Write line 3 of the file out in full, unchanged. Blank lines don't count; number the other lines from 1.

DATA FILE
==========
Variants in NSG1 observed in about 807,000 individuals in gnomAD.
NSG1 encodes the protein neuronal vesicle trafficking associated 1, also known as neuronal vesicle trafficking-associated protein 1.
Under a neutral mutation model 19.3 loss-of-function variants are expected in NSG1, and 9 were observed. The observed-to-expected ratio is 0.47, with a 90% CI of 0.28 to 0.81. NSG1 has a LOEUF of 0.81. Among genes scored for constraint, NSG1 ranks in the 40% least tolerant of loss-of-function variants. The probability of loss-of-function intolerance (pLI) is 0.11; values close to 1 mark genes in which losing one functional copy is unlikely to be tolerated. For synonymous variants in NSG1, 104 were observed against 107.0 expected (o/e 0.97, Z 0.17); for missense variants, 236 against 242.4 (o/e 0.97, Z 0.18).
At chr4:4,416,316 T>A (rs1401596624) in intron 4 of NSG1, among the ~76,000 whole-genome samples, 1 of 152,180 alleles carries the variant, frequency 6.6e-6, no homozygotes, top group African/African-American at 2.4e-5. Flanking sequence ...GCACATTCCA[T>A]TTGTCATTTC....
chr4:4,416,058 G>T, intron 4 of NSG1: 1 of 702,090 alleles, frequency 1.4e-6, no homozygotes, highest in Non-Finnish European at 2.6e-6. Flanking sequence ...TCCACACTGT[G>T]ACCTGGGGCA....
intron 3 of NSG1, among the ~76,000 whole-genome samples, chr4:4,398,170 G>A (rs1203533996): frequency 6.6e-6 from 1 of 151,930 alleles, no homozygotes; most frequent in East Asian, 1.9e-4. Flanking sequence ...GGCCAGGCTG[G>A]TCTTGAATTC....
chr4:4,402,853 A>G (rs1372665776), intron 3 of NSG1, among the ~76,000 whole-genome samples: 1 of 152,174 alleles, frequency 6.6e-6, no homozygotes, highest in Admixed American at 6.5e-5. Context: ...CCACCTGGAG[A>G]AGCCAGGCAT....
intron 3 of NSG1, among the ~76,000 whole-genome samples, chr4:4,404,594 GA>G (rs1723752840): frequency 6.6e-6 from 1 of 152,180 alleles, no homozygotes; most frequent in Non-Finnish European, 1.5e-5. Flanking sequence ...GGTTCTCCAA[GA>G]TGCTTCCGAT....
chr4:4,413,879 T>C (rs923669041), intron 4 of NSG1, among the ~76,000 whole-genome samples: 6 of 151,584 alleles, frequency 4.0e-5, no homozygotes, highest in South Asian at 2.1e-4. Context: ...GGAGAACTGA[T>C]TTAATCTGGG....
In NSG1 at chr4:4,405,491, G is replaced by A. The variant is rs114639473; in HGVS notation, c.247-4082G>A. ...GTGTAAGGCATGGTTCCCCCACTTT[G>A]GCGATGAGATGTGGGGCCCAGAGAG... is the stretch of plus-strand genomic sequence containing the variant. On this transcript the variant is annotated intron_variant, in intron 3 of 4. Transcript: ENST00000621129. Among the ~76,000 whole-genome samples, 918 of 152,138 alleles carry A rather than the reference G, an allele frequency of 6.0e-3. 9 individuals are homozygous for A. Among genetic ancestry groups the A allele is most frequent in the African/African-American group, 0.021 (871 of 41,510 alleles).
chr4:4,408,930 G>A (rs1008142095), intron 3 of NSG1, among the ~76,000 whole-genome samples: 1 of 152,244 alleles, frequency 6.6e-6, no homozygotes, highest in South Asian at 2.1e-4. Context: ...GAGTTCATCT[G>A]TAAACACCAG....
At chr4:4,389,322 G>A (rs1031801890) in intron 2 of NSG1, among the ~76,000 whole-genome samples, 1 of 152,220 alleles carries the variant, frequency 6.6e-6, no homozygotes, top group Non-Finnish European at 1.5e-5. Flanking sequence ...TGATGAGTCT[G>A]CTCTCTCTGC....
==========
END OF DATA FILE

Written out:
Under a neutral mutation model 19.3 loss-of-function variants are expected in NSG1, and 9 were observed. The observed-to-expected ratio is 0.47, with a 90% CI of 0.28 to 0.81. NSG1 has a LOEUF of 0.81. Among genes scored for constraint, NSG1 ranks in the 40% least tolerant of loss-of-function variants. The probability of loss-of-function intolerance (pLI) is 0.11; values close to 1 mark genes in which losing one functional copy is unlikely to be tolerated. For synonymous variants in NSG1, 104 were observed against 107.0 expected (o/e 0.97, Z 0.17); for missense variants, 236 against 242.4 (o/e 0.97, Z 0.18).